chronic_stp
Registered User
Join date: Dec 2008
876 IQ
#1
I just learned about neapolitan chords in theory and I'm analyzing a Shubert piece for homework and I came across a neapolitan chord in root position with an added major seven. Can sevenths be added to the neapolitan chord or is it going to end up being some kind of secondary dominant chord? The key is d minor and the chord in question contains Eb G Bb, and and D

Edit: The chord is followed by a C# dim chord in second inversion. A root position neapolitan chord comes before the chord.
Last edited by chronic_stp at Apr 19, 2013,
AWACS
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Join date: Sep 2009
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#2
This is what wiki said, if it doesn't help you I'm sorry. Reg's, don't chew my head off for this please.

"The Neapolitan sixth chord is particularly common in minor keys. As a simple alteration of the subdominant triad (iv) of the minor mode, it provides contrast as a major chord compared to the minor subdominant or the diminished supertonic triad. The most common variation on the Neapolitan chord is the Neapolitan major seventh, which adds a major seventh to the chord (this also happens to be the tonic). "
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chronic_stp
Registered User
Join date: Dec 2008
876 IQ
#3
Quote by AWACS
This is what wiki said, if it doesn't help you I'm sorry. Reg's, don't chew my head off for this please.

"The Neapolitan sixth chord is particularly common in minor keys. As a simple alteration of the subdominant triad (iv) of the minor mode, it provides contrast as a major chord compared to the minor subdominant or the diminished supertonic triad. The most common variation on the Neapolitan chord is the Neapolitan major seventh, which adds a major seventh to the chord (this also happens to be the tonic). "


Thanks man! I scanned over the wikipedia page real fast but didn't notice that.

BTW, nice avatar.
Last edited by chronic_stp at Apr 19, 2013,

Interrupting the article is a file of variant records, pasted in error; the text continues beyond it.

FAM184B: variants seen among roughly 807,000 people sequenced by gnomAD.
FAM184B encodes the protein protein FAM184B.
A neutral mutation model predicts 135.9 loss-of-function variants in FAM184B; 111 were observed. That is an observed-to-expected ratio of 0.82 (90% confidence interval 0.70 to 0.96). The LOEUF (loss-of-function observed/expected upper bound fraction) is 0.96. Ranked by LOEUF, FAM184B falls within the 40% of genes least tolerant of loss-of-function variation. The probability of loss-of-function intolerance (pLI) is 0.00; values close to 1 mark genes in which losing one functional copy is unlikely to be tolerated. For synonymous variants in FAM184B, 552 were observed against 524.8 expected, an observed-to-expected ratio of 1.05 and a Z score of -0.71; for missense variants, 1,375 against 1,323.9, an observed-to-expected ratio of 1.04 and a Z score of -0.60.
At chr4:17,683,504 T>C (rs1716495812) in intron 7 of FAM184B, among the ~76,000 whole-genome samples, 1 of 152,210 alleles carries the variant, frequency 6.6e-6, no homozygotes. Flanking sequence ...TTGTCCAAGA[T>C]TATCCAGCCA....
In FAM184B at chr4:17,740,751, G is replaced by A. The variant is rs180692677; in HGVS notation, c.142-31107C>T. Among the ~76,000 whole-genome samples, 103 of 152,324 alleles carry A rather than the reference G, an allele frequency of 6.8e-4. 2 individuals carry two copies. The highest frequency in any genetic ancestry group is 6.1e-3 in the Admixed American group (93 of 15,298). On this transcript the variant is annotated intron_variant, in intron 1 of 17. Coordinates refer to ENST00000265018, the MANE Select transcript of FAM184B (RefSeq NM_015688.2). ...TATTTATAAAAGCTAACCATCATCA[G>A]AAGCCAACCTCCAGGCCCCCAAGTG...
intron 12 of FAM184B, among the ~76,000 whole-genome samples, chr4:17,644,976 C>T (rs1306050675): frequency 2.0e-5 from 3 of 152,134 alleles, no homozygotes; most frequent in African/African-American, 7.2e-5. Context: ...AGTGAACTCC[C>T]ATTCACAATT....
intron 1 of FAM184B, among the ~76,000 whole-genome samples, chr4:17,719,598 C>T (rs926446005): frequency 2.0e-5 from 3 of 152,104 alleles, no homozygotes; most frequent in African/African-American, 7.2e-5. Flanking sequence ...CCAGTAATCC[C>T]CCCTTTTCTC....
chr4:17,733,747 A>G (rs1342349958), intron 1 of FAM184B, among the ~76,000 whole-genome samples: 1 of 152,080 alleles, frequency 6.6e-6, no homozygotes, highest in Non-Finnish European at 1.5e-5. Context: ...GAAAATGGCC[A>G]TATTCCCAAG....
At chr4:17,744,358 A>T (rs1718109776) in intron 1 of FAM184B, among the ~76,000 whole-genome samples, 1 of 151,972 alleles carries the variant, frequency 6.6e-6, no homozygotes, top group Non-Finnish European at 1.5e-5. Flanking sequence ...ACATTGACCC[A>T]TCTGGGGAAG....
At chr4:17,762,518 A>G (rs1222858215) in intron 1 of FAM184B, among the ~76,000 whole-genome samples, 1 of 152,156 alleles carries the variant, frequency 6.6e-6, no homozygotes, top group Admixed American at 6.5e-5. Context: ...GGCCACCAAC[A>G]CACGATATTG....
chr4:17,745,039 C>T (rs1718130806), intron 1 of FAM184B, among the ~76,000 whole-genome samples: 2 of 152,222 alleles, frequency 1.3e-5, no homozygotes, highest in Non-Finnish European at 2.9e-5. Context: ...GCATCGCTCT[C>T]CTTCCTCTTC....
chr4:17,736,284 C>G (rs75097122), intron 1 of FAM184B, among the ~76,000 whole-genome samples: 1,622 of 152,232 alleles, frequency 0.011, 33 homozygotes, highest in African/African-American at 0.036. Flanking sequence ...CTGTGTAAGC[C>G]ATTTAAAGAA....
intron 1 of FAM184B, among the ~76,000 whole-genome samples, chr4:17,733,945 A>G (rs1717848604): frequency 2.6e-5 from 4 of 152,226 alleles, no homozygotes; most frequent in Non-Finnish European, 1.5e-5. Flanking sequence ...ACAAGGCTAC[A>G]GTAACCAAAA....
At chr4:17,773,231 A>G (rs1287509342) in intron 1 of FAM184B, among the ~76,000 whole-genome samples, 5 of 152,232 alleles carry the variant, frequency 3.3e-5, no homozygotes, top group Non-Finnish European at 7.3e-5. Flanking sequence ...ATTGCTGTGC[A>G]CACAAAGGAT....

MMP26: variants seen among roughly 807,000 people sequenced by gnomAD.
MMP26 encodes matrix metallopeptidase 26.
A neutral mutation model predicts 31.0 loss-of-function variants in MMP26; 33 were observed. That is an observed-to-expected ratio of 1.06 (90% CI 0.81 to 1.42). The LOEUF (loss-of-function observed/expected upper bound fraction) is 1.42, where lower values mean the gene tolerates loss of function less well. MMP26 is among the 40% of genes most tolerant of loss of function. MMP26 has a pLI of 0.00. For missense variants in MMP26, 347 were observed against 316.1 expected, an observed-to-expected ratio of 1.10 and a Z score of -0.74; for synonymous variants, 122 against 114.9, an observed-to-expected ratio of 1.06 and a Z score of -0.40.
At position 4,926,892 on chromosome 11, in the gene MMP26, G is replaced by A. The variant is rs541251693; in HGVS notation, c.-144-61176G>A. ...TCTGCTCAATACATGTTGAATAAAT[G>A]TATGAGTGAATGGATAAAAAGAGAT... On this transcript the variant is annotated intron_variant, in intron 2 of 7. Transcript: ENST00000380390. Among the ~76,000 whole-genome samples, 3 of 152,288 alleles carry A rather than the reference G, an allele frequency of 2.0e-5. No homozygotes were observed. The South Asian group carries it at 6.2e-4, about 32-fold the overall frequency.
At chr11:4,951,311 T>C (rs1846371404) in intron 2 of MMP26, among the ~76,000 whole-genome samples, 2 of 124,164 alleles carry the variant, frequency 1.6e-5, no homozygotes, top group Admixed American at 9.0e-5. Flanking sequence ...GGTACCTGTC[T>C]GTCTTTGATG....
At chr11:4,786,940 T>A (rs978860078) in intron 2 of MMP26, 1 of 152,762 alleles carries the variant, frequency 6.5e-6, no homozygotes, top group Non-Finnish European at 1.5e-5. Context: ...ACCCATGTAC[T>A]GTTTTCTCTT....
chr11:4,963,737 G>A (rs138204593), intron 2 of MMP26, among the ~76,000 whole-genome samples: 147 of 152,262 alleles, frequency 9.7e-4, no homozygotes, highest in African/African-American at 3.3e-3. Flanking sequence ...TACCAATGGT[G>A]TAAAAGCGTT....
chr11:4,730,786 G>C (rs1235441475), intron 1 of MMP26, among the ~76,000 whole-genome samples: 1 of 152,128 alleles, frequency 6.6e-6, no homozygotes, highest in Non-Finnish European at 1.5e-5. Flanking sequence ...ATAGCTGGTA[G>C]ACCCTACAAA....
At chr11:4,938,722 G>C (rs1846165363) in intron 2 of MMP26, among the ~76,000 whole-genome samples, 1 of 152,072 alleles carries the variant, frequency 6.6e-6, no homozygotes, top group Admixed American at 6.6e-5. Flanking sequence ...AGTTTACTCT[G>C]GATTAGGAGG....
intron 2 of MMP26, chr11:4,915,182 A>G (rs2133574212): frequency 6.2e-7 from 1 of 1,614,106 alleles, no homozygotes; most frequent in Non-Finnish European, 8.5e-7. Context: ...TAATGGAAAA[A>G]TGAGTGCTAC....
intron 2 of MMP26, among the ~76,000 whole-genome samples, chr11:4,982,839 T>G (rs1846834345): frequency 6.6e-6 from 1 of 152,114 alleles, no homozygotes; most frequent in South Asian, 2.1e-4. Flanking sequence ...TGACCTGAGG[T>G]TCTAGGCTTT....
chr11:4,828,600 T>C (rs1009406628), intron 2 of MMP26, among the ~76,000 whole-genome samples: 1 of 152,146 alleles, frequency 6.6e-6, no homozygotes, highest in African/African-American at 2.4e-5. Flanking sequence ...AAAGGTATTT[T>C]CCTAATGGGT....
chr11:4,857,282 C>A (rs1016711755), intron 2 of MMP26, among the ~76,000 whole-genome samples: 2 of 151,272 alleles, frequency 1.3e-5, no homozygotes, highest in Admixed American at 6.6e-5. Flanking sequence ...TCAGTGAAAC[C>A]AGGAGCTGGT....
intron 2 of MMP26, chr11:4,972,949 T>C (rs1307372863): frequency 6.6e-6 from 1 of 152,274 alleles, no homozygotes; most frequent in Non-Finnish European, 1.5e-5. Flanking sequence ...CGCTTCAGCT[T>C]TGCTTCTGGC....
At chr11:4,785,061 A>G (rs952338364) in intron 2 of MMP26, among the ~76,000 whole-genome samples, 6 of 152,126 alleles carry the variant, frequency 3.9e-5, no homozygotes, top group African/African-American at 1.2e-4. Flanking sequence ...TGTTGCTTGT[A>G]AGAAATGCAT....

AWACS
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#4
Quote by chronic_stp
Thanks man! I scanned over the wikipedia page real fast but didn't notice that.

BTW, nice avatar.


You as well. Pelican - Australipithicus...? iirc
Caution:
This post may contain my opinion and/or inaccurate information.

Current Rig:
2006 PRS CE-24
Mesa/Boogie Mark V
Voltage S212 w/ V30's
Strymon Timeline
CMATMods Signa Drive
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etkearne
Registered User
Join date: Mar 2013
33 IQ
#5
There are many instances in the Post-Romantic, especially, where Neapolitans are voiced in root position with either:

1. Maj-min seventh quality (N7)
2. Maj seventh quality (NM7)
3. Minor-min seventh quality (n7)

However, it can be argued that the minor Neapolitan is really the ii of IV since it almost always comes before the V of N and not after.

That is cool that you found an early example of a Neapolitan seventh as in Schubert.

As for the other question, as to if an N7 is really a secondary dominant, you need to look at the previous and following chords for that determination. Usually the N chord is a subdominant substitute, and it would, in theory have to function as the secondary dominant of the tritone-rooted chord, which would be odd.

However, it could be seen as a German Sixth of a various number of scale degrees in an unusual voicing. I have seen many examples of this.
amonamarthmetal
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#6
Both of your avatars suck to me. One is black with a bit of dog shit shaped to something in the middle, the other is orange shit with yellow shit.
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